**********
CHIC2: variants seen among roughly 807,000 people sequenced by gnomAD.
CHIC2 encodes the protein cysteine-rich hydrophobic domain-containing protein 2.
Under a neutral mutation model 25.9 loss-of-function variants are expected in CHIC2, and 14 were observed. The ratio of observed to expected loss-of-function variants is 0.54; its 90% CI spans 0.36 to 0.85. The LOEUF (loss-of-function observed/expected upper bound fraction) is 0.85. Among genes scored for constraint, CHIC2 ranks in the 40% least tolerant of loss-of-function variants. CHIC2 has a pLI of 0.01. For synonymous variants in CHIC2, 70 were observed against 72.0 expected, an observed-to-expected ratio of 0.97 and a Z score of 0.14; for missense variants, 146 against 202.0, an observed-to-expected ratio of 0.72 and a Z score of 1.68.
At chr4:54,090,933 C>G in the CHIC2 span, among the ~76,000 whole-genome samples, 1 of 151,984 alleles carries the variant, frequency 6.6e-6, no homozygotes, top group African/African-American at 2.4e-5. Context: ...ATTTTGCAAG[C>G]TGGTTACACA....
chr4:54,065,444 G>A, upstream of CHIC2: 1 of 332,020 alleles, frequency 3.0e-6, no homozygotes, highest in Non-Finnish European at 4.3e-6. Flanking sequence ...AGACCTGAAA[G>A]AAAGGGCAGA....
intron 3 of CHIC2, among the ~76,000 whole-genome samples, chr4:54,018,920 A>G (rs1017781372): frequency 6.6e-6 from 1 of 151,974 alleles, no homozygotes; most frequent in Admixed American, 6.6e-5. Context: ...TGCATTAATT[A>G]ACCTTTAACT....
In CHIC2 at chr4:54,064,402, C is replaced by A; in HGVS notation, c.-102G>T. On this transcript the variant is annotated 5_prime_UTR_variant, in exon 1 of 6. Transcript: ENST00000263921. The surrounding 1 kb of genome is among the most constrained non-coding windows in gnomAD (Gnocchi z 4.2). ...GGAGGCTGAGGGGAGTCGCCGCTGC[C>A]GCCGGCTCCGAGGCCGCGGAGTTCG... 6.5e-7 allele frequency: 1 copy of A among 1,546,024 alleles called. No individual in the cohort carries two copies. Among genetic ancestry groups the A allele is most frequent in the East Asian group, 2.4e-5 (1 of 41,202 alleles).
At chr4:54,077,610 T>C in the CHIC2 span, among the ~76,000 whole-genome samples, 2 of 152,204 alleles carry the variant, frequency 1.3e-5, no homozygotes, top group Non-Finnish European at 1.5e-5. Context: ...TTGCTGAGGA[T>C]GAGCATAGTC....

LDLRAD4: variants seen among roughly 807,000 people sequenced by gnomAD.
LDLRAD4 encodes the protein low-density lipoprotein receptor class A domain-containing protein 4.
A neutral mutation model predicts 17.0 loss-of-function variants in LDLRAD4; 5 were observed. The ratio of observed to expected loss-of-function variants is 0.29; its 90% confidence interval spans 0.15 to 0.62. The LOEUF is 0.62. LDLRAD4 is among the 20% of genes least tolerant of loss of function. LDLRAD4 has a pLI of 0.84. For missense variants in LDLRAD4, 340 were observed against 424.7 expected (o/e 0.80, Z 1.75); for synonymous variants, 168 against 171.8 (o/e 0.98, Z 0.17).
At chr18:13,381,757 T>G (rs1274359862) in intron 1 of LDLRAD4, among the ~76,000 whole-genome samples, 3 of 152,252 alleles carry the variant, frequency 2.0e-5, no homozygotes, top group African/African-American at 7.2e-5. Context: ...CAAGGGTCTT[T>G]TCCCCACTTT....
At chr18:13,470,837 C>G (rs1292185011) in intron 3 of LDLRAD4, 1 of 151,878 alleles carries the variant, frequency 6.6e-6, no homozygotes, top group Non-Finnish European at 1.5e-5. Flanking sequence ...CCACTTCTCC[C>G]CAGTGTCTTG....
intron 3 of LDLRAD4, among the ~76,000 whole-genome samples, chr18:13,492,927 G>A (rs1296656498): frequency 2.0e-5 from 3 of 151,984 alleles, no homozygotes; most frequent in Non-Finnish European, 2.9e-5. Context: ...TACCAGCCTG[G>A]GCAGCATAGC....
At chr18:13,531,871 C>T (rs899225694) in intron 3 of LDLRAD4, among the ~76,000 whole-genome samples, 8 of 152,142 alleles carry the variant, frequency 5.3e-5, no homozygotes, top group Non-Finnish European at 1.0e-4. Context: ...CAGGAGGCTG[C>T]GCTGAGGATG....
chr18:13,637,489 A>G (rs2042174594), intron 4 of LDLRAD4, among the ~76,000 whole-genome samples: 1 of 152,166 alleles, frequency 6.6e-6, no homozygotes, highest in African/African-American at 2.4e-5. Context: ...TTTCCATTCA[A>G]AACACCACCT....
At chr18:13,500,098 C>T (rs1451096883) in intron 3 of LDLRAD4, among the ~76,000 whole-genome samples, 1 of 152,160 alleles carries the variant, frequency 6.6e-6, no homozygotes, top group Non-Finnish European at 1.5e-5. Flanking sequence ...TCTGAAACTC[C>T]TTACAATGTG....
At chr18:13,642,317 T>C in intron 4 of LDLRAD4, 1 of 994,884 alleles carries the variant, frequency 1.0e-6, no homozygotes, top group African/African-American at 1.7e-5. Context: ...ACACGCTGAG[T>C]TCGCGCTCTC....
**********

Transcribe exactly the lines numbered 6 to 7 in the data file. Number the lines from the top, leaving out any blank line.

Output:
intron 3 of CHIC2, among the ~76,000 whole-genome samples, chr4:54,018,920 A>G (rs1017781372): frequency 6.6e-6 from 1 of 151,974 alleles, no homozygotes; most frequent in Admixed American, 6.6e-5. Context: ...TGCATTAATT[A>G]ACCTTTAACT....
In CHIC2 at chr4:54,064,402, C is replaced by A; in HGVS notation, c.-102G>T. On this transcript the variant is annotated 5_prime_UTR_variant, in exon 1 of 6. Transcript: ENST00000263921. The surrounding 1 kb of genome is among the most constrained non-coding windows in gnomAD (Gnocchi z 4.2). ...GGAGGCTGAGGGGAGTCGCCGCTGC[C>A]GCCGGCTCCGAGGCCGCGGAGTTCG... 6.5e-7 allele frequency: 1 copy of A among 1,546,024 alleles called. No individual in the cohort carries two copies. Among genetic ancestry groups the A allele is most frequent in the East Asian group, 2.4e-5 (1 of 41,202 alleles).